Tuesday, September 01, 2015

American Oystercatchers on South Carolina's Coast

          This summer, Audubon South Carolina has teamed up with the South Carolina Department of Natural Resources and a number of other state and non-profit organizations to work on the South Carolina Shorebird Project. One of our target species for monitoring was the American Oystercatcher.

Two adult American Oystercatchers cooling off in the surf. Notice that the closer one has an auxiliary band.
Photo courtesy of Janet Thibault.

Oystercatchers are common to seacoasts in temperate to tropical parts of the world, and the American Oystercatcher is one of two species of oystercatchers that breed in North America. They nest along most of South Carolina’s less human populated beaches and as far north as Massachusetts. This species, deemed a “Species of High Concern” by the U.S. Shorebird Conservation Plan, is fascinating and easily identifiable by their long orange bill and bright yellow eyes among all the “peeps” that also inhabit SC beaches. They lay their eggs directly on the ground in well camouflaged scrapes in the sand and decorate the edges of their scrape with little bits of shell. South Carolina has approximately 400 pairs of nesting Oystercatchers.
As American Oystercatcher nesting season came to an end, we were amazed at the difference in the number of fledgling chicks on various beaches in South Carolina. Our Oystercatcher friends have a lot to contend with during nesting season. There are many factors that can affect a nest’s success (meaning if eggs hatch or not). High tides can wash over nests and scatter or damage eggs, their nests can be disturbed causing damage to eggs, and increases in humans’ real estate decreases the real estate available to birds. Additionally, predators such as raccoons, dogs, and even other birds will opportunistically eat Oystercatcher eggs and chicks if the parents are off their nest. American Oystercatchers are very finicky birds because when something they perceive nearby as potentially predatory, their strategy is to get off the nest and attempt to draw away the predator. This can be an effective but risky strategy because it exposes eggs to deadly summer heat and keen-eyed predators. This is why it is vital to be mindful of nesting areas and respect posted areas during your visits to the beach. Even a dog on a leash or under voice command can scare parents off their nest from a great distance away.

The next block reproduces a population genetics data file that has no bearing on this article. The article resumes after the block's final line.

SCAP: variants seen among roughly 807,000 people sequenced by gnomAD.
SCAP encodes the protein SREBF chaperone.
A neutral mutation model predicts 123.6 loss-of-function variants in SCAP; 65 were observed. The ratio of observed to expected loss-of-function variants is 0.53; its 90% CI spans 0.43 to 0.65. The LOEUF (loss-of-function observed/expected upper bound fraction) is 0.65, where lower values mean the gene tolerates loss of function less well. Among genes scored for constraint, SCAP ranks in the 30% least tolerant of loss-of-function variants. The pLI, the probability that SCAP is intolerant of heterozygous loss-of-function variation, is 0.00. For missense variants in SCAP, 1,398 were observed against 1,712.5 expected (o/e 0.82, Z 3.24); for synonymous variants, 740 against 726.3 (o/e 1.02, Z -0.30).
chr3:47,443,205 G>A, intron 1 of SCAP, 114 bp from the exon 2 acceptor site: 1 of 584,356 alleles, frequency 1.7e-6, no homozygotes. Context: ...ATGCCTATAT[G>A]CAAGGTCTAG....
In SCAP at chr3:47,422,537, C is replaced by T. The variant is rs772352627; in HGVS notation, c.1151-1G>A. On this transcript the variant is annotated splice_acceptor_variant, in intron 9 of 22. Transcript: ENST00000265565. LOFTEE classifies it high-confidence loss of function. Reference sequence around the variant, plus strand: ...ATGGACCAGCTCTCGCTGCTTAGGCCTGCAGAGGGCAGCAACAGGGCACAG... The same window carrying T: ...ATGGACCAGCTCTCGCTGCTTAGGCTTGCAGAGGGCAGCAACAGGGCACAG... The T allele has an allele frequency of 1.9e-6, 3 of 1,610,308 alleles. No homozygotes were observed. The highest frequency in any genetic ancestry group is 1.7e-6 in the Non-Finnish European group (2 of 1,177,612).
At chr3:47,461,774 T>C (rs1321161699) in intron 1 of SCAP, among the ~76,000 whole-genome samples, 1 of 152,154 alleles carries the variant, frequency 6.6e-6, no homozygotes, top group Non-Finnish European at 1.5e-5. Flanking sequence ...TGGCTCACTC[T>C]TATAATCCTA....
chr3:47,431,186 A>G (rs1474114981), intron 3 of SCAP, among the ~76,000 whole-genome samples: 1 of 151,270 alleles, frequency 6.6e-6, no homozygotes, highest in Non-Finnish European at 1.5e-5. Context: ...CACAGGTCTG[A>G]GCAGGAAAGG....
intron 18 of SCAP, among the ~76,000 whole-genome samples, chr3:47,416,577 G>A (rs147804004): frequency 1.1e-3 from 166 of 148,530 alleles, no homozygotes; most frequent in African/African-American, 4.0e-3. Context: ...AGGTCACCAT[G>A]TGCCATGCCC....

What a cutie! An American Oystercatcher chick waits for mom or dad to bring back food.
Photo courtesy of Janet Thibault.

When chicks hatch, it only takes 24-48 hours before they are up, running, and hiding from predators in wrack and beach brush. Then, after 35 days, the chicks can fly, yet still depend on their parents for food for at least two months after hatching.
American Oystercatchers are the only shorebird in South Carolina that feed on shellfish and need to teach their chicks how to hunt and feed. They are named for their distinctive bill which is built like an oyster shucking knife. As the tide lowers, it exposes oysters allowing the Oystercatcher to take that chance to slip its beak in, open the oyster and steal the oyster meat. Adults will bring back single oysters to their chicks to show them how to use their beak! Maybe the term “bird brain” should be a positive one.

Score! This Oystercatcher successfully grabbed a chunk of oyster out of its shell.
Photo courtesy of Janet Thibault.

So while you’re out enjoying the sun, salty air, and fascinating wildlife, remember to share the beach with our feathered friends. If you see anything you want to share with us, take a picture and tell us about it! We love to hear your stories. The most interesting photos are the ones where birds are acting natural, unaware of your presence, not photos where birds are flying away because they were flushed, or staring at the camera from their nests.

Have questions, comments, cool stories you want to share? Email nschillerstrom@audubon.org for more information.

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